Plenary Debate "This House Believes Universities, in Their Current Form, Are Unsustainable as Mass-participant Institutions"
Covid-19 has forced us to ask some fundamental questions about education and training. In the higher and vocational sectors, some experts want to make learning more needs-based, shifting the balance towards skills that are directly applicable to the workplace, leaving pure academic learning and research to a small number of brilliant minds. But is this the right approach?
Isn’t the flexibility and academic rigour of a traditional university education more relevant now than ever before? Aren’t the innovative steps universities now taking to introduce online learning exactly what e-learning experts always wanted? And should we be ‘throwing the baby out with the bath water’ at such a difficult time when universities contribute so much to so many economies? Or, on the contrary, is now exactly the right moment for fundamental reform? Is it time for consolidation in higher education or radical change?
Chaired by Paul Bacsich, Professor of Practice for the University of West Indies Open Campus and consultant at Matic Media Ltd, the Debate includes keynote speakers Brian Mulligan, founding member of the Irish Learning Technology Association and Manager of Online Learning Innovation at the Institute of Technology Sligo; Jane Bozarth, online training solutions specialist and author, The Learning Guild; Marie Cini, former president of the Council for Adult and Experiential Learning (CAEL) and Chief Strategy Officer at ED2WORK and; Donald Clark, blogger, VR and AI for learning specialist and consultant at Plan B Learning.
Join them at the annual OEB Debate on Dec 2 from 18:00 - 19:00 CET for a discussion about the fundamentals of education - and cast your vote online!
The two sides are already preparing to do battle.
Donald Clark quotes Roger Schank in support of his cause and adds to it: "Roger Schank says “There are only two things wrong with education: 1) What we teach; 2) How we teach it." I'd add some more, that Higher Education is now a bloated, expensive sector that has resulted in an increase in inequality and social strife."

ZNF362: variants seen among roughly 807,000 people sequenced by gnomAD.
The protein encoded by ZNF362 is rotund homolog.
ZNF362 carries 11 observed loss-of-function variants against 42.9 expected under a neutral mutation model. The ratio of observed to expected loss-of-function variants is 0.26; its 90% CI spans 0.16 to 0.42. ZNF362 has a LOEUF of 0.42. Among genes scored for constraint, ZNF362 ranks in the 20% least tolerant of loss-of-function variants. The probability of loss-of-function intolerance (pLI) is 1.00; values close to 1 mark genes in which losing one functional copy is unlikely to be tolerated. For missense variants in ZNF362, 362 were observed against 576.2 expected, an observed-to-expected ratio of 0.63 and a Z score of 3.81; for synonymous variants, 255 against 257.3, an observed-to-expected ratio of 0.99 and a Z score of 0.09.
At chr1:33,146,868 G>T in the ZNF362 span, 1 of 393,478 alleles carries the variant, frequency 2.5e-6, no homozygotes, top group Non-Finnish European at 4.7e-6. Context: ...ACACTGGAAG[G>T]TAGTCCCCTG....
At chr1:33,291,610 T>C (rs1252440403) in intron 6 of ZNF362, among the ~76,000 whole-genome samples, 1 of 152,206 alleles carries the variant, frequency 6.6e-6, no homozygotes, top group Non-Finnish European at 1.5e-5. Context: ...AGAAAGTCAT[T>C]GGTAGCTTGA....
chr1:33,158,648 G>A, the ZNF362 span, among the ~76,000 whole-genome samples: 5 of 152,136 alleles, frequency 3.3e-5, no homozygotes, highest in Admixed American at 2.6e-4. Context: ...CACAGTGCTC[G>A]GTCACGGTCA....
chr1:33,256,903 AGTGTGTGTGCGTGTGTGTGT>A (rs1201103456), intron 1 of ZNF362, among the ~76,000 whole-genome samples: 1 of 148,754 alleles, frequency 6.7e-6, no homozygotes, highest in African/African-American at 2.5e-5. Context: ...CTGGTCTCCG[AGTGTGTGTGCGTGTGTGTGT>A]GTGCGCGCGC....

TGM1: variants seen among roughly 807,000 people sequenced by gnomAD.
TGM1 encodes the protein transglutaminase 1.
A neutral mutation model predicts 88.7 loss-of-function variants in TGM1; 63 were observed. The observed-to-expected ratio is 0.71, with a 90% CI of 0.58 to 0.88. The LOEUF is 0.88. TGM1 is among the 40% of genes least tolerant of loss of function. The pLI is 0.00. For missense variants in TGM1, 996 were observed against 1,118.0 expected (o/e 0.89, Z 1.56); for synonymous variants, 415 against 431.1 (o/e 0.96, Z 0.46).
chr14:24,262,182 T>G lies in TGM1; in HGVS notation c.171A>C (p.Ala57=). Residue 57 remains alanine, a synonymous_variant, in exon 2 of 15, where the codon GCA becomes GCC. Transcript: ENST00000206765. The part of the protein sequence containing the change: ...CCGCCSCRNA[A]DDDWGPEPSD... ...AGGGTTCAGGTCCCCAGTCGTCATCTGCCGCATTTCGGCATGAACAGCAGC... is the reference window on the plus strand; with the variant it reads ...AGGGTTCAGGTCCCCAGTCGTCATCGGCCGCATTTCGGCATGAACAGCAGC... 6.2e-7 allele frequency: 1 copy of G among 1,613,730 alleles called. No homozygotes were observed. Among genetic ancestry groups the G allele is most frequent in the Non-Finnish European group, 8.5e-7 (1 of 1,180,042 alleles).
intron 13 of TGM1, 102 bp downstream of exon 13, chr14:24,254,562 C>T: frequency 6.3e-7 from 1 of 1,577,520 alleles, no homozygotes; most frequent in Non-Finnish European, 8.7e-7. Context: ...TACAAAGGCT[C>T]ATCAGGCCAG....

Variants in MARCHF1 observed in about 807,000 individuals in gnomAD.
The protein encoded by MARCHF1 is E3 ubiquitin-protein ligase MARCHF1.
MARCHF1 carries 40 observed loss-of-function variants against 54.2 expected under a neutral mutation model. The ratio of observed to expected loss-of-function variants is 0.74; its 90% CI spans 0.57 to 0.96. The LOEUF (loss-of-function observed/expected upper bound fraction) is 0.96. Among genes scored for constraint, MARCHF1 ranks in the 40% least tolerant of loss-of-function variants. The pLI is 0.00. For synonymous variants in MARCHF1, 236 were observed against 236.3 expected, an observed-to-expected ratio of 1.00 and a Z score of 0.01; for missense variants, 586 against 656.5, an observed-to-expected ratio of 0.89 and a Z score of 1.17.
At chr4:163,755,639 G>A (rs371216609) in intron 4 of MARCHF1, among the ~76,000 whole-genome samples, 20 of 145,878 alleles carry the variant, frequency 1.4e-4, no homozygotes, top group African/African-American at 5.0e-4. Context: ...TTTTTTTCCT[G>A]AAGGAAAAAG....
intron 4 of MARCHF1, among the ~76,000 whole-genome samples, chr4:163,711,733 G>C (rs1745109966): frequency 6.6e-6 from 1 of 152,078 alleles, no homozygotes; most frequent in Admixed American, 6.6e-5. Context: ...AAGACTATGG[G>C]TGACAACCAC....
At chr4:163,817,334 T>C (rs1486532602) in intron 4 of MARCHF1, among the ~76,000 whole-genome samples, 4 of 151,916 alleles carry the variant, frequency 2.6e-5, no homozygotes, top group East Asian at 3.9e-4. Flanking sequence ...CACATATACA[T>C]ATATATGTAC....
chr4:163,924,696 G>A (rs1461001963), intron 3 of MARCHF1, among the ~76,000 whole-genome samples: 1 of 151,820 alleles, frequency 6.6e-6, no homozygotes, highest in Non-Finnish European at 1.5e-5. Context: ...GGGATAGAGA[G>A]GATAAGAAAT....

Brian Mulligan states: "After 36 years in higher education I have come to the conclusion that because of both dysfunctional internal processes and self-interest, the sector is incapable of providing the mass post-secondary education that we need in the future at a cost that we can afford. Universities should return to their roots, where a particular elite, the brilliant and curious, can work freely to discover new knowledge, and we should build a different system for the rest of us."
Jane Bozarth and Marie Cini, who will oppose the motion, say:
Jane Bozarth: "I believe an educated citizenry is important to a functioning society, and advancement in fields like the arts and sciences contribute to progress of a vibrant community. Additionally, reserving higher education only for those interested in research and knowledge advancement severely limits work and quality-of-life opportunities for women and minorities."
Marie Cini: "On the contrary, Universities ought to be mass-participant institutions, serving even a broader array of learners than they currently do. A strong example is Arizona State University in the US--which innovates, using its many resources to reach a larger number of students than ever before. Another example is the University of Maryland Global Campus--a mass-participant University where I served as a dean and then provost. Without such universities literally tens of thousands of students would not have achieved undergraduate and graduate degrees. We need more learning opportunities for all learners of all ages, not fewer. Smaller niche colleges are well and good, but they don't have the resources to reach the increasingly larger numbers of students who require post-secondary learning. We actually need more mass-participant Universities, and we need to strengthen them."
The debate will be chaired by Paul Bacsich, who is expecting a very lively discussion. He says, “after the leading speakers have set out their case, I’ll throw the discussion open to the floor and cannot wait for the virtual votes to come in!"